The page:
Mr Dando, surely encouraging boys to strip to the waist is a good thing. It would help reduce the do called hang ups with their physique and done in the safety of school and fully CRB checked teachers.
Maybe your other campaign to make boys wear tops for swimming to cover their chests will also be adopted in swimming pools and for school swimming.
I completely disagree with you, boys are different from girls and this is a biological fact. Boys should be allowed to decide if they wish to wear a top or not for indoor PE; if boys prefer to do gym classes barechested they should be allowed to do so and not forced to wear a vest or t shirt.
No boy should be forced to ever have to do barechested PE and I'm glad my campaign stopped this school from having a shirtless rule for males. Here are the old rules:
• Girls R-Y3 - Navy/black leotards
• Girls Y4-Y6 - Navy/black leotards or white T-shirt and dark shorts
• Boys R-Y6 - Dark shorts and white T-shirt /bare chest
Here is the new gender neutral kit
White round neck cotton t-shirt
Optional plain black tracksuit (to be worn during winter if needed)
It is optimistic to see that now children are self-isolating and doing PE from home pupils are no longer forced to have school showers or wear discriminatory PE kits.
We must use this hiatus in institutional schooling to repeal all mandatory shower rules such as this one:
Corbridge Middle School maroon shirt with school logo (compulsory)
Corbridge Middle School maroon shorts (compulsory)
Corbridge Middle School outdoor rugby top (optional)
Corbridge Middle School blue base layer top (optional)
Long socks for outdoor lessons
Strong footwear (boots or trainers) for playing rugby/soccer/hockey (pupils should bring both types of footwear to outdoor lessons)
Towel (showers will be taken if the weather has been inclement or the ground muddy)
Please note. Earrings must be removed during P.E. lessons and sporting activities
Together we can make schooling a better experience for all kids!
Hi Simon, Although we had separate lessons we could still see boys in the gym due to the reinforced windows that ran the length the of the corridor so we were treated to a good view either of boys exercising or stripping off their vests at the start of a lesson. We did have a boys vs girls basketball and netball game each year normally in May. The boys always played as skins, it was a laugh but always was competitive. I always enjoyed seeing boys go topless for PE/Games lessons but it was good to see boys being able to demonstrate their masculinity. It's something that is sadly lacking in today's world.
I was 9 when the stripped to the waist for boys PE rule was introduced at Primary School. I felt self conscious just wearing shorts and pumps but after the second lesson I forgot that I wasn’t wearing a top and with the rest of the lads actually preferred it. At Senior School indoor PE was topless for gym, basketball was played with both teams shirtless and wearing different colored bibs.
Football was occasionally played shirts vs skins outdoors in winter if the PE teacher ran out of colored bibs, we were lined up and half of us told to take our shirts off. I got to enjoy playing football shirtless in winter, the skins team always seemed to gel better and work harder than the shirts.
For cross country some PE teachers made us run in shorts and trainers, but even if we were allowed to run in t shirts or vests many lads used to go topless anyway.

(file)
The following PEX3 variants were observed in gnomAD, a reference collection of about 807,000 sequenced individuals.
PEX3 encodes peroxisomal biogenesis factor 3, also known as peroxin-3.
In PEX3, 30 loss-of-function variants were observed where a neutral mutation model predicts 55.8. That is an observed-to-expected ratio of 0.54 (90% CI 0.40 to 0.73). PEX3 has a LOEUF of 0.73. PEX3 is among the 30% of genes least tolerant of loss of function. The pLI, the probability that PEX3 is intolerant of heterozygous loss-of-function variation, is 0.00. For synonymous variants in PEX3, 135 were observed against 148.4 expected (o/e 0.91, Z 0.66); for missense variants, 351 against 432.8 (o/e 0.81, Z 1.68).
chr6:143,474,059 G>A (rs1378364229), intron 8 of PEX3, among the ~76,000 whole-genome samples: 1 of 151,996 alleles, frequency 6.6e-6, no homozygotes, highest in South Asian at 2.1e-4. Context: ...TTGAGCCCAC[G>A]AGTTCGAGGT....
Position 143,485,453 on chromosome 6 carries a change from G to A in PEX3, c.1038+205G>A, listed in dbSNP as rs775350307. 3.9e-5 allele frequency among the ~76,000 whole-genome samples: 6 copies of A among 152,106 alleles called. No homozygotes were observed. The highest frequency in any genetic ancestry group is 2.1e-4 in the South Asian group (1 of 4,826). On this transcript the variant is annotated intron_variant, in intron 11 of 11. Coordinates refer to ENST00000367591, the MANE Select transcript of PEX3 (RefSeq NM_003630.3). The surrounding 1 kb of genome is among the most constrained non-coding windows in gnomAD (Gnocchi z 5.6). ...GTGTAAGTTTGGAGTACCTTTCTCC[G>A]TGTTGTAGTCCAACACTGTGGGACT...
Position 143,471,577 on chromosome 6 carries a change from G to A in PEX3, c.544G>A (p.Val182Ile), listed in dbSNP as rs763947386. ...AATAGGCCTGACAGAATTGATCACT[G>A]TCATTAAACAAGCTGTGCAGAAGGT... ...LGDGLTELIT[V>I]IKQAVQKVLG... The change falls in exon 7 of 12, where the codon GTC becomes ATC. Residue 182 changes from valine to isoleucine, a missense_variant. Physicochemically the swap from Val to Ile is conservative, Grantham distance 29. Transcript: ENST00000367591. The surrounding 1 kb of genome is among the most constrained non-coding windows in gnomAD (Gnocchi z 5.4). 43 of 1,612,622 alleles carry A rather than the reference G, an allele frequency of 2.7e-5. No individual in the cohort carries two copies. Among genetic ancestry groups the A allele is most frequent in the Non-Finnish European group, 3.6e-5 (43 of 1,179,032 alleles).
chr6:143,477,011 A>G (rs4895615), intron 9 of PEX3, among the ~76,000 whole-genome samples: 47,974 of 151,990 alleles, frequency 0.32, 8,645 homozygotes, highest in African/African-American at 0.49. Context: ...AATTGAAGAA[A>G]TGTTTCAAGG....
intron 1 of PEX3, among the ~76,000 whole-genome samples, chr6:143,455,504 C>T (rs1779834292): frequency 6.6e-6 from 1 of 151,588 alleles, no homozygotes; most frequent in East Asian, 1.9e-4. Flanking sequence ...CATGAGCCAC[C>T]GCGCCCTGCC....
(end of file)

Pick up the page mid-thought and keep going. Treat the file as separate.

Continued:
Hi Rachael, I was one of those boys who wore a vest under my school shirt during the 80s although not everyone in my class did! Interesting to hear your perspective on boys' PE kit, I wasn't clear whether boys and girls did PE together at most of the schools you attended?
At my school it was usually separate PE classes for boys and girls, alternating between the gym and outdoors. Boys and girls wore the same kit outdoors - T shirt and shorts - but in the gym it was shorts only for boys. We did team games in coloured bibs or skins.
On occasions when the weather was really bad, outdoor PE was cancelled and we all had to squeeze into the gym together. Of course that meant us boys all had to take our T shirts off with the girls looking on and they certainly seemed to enjoy the spectacle! I remember feeling self conscious at first, along with many of the other lads, but as I grew into my mid teens I wanted to look good in front of the girls and having to go barechested probably made me work harder in PE.
John, I hope you don't mind me asking at what age did you first start to be stripped off for PE, what sports did you play when you were skins and did you not mind being topless when it was cold? Thanks for your time.
I think that it was good discipline and character building for lads to be stripped to the waist for PE/games, the policy didn’t do my brother and I any harm.
Yes, at Primary both girls and boys wore T shirts and shorts for PE, with our normal underwear beneath.
Did the girls who had just started to develop get any comments / teasing from the boys (or the other girls for that matter)?
Andrea, I don't remember any girls wearing bras in primary school, even in last years at age 10-11.
A few may have had small breasts at that age but I think they were too small to require a bra.
As I said before we all wore vests under our shirts at school, both boys and girls, so girls with even small breasts could be seen under their vests when we changed for PE.
We all wore the same PE kit at primary school, both boys and girls, white shorts and white vest or t-shirt.
Did you have the same PE kit as boys in your primary school?
Hi Danny, I attended mixed secondary schools though due to my parents work we moved around quite a bit. One thing was constant though and that was boys doing PE/Games stripped off to the waist. My last school had lads from 13 to 18 stripped off both indoors and outdoors often when it was cold. Again teams of vests vs skins and just plain skins were very common. It must have been tough doing sit ups and other exercises on a bitingly cold winters day stripped off to the waist.